The procedure could dramatically benefit some of the most injured serving personnel and veterans, such as freeing them from wheelchairs
The MOD has successfully bid for £2 million of LIBOR funding to carry out a direct skeletal fixation (DSF) trial, which will enable some veterans and Service personnel to have potentially life-changing surgery.
Serving and veteran amputees are currently provided with highly capable socket-based prosthetics, but due to the nature of their injuries, some people suffer from complex stump complications. The benefits of being able to walk on prosthetics are both psychological as well as physical. It can dramatically improve the lifestyle of the individual and their long-term health, reduces dependency and can have economic benefits.
DSF (also known as Osseo-Integration) involves inserting a titanium prosthetic implant directly into the bone, removing socket-based technology. It therefore does away with the complications associated with traditional prosthetics.
Minister for Defence Personnel and Veterans, Mark Lancaster MP, said:
The Government’s commitment to those who have made enormous sacrifices on recent operations is made clear by this award of LIBOR funding and the forthcoming trial. We want our personnel to know that we appreciate they risk injury while defending the nation and that we will support their needs. It is also important that this trial extends to some of our most seriously injured veterans.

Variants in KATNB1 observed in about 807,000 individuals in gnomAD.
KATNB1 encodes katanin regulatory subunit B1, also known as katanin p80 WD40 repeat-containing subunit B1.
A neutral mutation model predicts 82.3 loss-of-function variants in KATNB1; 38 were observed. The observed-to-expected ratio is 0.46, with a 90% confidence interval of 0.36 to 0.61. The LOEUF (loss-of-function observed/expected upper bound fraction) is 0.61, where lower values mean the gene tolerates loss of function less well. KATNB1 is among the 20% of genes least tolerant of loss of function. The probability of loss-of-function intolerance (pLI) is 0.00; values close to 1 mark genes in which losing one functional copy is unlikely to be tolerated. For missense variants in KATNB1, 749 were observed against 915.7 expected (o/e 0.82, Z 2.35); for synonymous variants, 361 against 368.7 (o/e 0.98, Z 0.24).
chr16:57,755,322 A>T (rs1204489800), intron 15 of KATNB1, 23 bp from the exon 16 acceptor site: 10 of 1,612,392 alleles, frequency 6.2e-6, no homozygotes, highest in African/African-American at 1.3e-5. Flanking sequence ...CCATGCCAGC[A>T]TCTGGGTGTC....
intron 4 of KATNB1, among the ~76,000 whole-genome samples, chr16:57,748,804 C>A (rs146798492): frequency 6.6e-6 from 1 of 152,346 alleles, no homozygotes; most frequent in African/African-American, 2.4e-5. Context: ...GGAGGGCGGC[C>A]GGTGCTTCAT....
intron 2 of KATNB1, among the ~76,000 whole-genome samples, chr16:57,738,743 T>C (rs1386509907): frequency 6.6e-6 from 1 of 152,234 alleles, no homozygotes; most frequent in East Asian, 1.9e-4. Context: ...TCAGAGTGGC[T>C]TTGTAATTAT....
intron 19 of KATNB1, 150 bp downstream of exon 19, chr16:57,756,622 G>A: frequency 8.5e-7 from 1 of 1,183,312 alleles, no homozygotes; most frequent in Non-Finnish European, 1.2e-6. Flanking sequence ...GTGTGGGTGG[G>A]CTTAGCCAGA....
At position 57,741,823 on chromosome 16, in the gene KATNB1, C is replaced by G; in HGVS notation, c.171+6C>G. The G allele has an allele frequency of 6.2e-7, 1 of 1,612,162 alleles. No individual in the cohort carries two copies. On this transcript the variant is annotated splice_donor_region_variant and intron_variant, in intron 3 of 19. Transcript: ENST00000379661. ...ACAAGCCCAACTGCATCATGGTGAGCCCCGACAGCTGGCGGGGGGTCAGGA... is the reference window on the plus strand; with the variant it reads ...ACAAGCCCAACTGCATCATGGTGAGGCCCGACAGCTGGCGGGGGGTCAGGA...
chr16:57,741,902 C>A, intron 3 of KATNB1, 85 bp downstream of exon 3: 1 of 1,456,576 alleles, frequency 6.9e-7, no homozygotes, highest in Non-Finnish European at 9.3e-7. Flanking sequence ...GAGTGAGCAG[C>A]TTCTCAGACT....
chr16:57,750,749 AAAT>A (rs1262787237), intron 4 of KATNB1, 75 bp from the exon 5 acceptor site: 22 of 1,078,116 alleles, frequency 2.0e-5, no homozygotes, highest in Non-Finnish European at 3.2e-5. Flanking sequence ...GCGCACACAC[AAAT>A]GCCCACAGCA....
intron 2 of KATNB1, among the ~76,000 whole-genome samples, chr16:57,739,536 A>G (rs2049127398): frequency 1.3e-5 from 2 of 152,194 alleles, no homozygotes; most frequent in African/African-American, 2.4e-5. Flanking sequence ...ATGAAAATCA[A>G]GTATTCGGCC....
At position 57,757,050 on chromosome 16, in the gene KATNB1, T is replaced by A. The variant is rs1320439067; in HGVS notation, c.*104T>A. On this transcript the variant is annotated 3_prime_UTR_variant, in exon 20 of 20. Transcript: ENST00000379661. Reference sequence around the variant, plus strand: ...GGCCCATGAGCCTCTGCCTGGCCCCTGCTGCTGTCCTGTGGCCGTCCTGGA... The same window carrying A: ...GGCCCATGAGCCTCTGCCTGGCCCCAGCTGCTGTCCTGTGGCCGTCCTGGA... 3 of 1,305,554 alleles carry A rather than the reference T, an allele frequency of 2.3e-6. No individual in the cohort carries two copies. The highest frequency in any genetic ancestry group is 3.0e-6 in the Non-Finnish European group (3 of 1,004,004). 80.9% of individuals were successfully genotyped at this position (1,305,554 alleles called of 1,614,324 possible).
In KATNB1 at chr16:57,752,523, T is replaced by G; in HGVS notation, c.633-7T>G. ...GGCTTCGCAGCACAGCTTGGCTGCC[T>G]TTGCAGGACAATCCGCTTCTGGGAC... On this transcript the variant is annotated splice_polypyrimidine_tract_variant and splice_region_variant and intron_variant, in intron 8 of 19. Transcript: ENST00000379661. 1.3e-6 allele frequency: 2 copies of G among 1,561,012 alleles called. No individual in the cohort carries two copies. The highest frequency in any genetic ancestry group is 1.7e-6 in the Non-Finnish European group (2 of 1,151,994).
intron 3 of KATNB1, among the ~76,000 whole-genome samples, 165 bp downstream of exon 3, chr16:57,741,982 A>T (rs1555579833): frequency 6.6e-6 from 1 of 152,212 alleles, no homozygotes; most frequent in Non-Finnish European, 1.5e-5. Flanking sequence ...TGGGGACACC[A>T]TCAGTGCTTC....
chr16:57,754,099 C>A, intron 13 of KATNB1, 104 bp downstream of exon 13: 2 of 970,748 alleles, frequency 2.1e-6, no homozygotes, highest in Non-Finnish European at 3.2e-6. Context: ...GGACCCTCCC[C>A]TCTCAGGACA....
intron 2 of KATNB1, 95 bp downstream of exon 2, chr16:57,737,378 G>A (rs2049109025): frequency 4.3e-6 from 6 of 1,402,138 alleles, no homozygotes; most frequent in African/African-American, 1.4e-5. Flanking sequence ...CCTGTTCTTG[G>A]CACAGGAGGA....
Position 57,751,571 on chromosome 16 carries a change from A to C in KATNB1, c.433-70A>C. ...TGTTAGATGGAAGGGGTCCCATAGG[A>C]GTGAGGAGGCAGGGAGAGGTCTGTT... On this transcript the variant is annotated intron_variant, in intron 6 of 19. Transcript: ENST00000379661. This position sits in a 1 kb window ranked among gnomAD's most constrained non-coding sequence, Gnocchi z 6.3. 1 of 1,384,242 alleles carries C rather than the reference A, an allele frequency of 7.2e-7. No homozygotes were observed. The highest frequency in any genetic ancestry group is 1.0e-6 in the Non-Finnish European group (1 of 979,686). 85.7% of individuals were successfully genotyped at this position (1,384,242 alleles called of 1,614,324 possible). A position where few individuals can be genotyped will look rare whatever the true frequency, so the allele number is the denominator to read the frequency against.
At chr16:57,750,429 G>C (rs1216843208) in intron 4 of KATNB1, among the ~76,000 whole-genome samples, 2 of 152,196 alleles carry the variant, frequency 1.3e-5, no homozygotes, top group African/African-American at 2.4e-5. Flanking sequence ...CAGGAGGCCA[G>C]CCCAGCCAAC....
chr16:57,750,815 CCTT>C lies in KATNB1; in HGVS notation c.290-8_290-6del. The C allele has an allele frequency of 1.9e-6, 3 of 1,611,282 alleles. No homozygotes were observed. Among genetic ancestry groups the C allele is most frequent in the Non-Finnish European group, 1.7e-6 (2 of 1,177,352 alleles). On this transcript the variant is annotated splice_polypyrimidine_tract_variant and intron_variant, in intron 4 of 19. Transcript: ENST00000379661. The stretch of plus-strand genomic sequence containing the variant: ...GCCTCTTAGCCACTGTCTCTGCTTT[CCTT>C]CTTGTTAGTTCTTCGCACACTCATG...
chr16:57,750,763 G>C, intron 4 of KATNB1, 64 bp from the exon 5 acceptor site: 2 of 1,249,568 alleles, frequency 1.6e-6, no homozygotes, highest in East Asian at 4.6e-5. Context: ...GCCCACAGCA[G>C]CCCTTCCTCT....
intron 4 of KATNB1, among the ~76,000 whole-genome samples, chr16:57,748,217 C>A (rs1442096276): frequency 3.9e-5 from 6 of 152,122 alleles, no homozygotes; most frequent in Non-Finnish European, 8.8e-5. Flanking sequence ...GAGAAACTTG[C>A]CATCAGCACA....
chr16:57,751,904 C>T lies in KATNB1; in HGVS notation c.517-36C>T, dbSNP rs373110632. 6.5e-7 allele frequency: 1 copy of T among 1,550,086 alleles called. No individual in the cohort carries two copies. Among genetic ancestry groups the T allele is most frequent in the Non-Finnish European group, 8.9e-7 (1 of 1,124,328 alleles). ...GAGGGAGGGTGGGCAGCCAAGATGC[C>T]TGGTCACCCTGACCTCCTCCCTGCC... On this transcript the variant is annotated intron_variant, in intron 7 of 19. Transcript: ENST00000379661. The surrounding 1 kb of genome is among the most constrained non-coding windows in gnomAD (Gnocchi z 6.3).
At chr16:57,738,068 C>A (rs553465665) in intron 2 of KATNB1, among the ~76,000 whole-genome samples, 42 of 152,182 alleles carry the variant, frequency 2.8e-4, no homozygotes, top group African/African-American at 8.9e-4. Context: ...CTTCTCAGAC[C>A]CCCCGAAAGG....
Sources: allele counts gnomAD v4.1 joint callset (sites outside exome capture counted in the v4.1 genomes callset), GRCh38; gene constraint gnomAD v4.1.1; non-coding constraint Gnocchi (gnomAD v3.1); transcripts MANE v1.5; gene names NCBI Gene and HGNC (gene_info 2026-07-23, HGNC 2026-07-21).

A small number of Service personnel have already undergone MOD-funded DSF surgery with encouraging results. The first three procedures were carried out in Australia and a further two have been done in the UK by military surgeons, under the supervision of an Australian expert.
The new funding will enable the extension of this initial pilot to a further 20 carefully selected patients from April 2016, for two-and-a-half years. It is planned that the DSF procedure will be carried out at the Queen Elizabeth Hospital, Birmingham, with follow on rehabilitation at the Defence Medical Rehabilitation Centre at Headley Court.
Acknowledging the potential benefit of the procedure, NHS England has independently commissioned a study to evaluate DSF outcomes. The procedure could ultimately be of value to NHS patients across the UK, beyond the military to the broader population.
Selection for the trial will be on a case-by-case basis; work is underway to determine the clinical criteria to identify those for whom the procedure would be appropriate. The MOD, NHS England, the Department of Health and Service charities, led by BLESMA, are working together to determine the exact referral pathway for the trial.